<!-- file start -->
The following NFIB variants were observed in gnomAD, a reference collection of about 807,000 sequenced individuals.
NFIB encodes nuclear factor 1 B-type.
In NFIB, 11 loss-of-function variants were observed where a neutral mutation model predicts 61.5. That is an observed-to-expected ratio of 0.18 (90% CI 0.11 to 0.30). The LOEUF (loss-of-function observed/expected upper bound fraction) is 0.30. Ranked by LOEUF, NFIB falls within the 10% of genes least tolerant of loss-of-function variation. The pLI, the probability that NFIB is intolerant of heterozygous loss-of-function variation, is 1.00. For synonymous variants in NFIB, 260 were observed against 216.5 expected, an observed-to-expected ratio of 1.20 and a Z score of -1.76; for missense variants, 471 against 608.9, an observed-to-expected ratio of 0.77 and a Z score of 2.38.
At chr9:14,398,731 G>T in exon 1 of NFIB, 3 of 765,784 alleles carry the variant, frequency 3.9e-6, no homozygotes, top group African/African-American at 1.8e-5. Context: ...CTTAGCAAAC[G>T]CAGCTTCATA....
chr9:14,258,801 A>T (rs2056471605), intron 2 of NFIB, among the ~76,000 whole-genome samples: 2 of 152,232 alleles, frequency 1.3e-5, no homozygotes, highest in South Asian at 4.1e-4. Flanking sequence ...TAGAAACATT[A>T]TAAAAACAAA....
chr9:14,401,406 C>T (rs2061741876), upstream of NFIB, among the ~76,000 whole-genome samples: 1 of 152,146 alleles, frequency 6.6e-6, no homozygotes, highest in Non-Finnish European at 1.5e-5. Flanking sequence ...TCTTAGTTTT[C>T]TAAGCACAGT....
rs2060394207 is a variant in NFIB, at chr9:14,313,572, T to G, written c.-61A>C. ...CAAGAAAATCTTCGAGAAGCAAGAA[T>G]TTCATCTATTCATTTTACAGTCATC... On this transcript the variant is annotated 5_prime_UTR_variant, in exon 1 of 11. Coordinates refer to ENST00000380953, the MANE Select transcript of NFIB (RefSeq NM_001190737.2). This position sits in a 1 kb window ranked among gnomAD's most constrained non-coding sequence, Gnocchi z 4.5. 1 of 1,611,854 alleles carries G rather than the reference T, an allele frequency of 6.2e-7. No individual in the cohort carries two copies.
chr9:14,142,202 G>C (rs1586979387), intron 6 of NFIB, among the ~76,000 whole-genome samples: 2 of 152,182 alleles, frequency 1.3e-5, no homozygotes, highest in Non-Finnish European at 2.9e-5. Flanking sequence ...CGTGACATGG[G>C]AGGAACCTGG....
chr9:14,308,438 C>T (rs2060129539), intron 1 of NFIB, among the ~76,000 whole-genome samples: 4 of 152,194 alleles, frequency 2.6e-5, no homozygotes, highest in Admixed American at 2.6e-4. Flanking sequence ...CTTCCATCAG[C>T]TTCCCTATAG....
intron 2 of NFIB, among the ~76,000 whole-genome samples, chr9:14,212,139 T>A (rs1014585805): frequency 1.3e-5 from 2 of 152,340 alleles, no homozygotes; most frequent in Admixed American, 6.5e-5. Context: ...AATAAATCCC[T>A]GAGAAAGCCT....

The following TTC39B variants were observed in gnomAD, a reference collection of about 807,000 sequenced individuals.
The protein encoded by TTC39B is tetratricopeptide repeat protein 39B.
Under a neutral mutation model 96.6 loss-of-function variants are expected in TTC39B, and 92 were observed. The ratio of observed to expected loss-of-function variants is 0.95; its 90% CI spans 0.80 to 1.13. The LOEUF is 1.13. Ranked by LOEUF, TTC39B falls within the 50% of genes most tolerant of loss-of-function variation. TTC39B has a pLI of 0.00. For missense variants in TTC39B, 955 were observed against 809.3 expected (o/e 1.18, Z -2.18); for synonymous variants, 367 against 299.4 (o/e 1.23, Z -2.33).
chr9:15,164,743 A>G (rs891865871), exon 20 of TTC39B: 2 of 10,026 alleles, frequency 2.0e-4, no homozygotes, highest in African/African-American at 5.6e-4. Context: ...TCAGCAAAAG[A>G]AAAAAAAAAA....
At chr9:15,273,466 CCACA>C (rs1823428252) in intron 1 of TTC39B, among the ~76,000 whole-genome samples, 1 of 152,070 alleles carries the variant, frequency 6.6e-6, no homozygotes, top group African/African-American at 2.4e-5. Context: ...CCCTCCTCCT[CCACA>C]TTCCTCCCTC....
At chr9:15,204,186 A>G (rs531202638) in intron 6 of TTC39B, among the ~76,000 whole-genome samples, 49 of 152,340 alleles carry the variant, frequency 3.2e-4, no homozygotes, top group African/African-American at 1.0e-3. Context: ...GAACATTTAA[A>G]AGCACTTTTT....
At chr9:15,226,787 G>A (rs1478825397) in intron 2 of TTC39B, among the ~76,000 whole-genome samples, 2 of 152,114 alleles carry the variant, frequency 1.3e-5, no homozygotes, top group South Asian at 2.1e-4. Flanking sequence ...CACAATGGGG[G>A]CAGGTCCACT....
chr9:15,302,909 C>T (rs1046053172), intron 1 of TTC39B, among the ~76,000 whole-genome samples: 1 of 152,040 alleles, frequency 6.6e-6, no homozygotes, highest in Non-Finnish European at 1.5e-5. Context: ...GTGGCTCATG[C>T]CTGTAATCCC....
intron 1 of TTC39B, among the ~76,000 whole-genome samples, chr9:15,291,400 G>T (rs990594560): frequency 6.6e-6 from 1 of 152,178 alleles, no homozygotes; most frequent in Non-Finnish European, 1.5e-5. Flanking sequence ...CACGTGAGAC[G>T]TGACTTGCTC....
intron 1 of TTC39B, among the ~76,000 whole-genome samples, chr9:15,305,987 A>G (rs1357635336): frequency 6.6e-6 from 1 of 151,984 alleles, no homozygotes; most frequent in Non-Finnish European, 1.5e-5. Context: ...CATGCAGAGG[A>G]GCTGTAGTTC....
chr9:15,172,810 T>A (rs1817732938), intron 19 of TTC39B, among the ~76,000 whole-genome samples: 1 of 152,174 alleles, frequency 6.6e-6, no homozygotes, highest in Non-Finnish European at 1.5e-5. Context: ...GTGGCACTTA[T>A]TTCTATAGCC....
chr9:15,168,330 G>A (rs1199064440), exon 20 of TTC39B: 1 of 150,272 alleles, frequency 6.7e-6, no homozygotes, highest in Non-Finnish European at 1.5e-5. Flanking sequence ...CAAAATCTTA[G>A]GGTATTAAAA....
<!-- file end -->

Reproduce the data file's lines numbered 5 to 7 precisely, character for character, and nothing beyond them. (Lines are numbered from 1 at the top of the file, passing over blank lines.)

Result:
chr9:14,258,801 A>T (rs2056471605), intron 2 of NFIB, among the ~76,000 whole-genome samples: 2 of 152,232 alleles, frequency 1.3e-5, no homozygotes, highest in South Asian at 4.1e-4. Flanking sequence ...TAGAAACATT[A>T]TAAAAACAAA....
chr9:14,401,406 C>T (rs2061741876), upstream of NFIB, among the ~76,000 whole-genome samples: 1 of 152,146 alleles, frequency 6.6e-6, no homozygotes, highest in Non-Finnish European at 1.5e-5. Flanking sequence ...TCTTAGTTTT[C>T]TAAGCACAGT....
rs2060394207 is a variant in NFIB, at chr9:14,313,572, T to G, written c.-61A>C. ...CAAGAAAATCTTCGAGAAGCAAGAA[T>G]TTCATCTATTCATTTTACAGTCATC... On this transcript the variant is annotated 5_prime_UTR_variant, in exon 1 of 11. Coordinates refer to ENST00000380953, the MANE Select transcript of NFIB (RefSeq NM_001190737.2). This position sits in a 1 kb window ranked among gnomAD's most constrained non-coding sequence, Gnocchi z 4.5. 1 of 1,611,854 alleles carries G rather than the reference T, an allele frequency of 6.2e-7. No individual in the cohort carries two copies.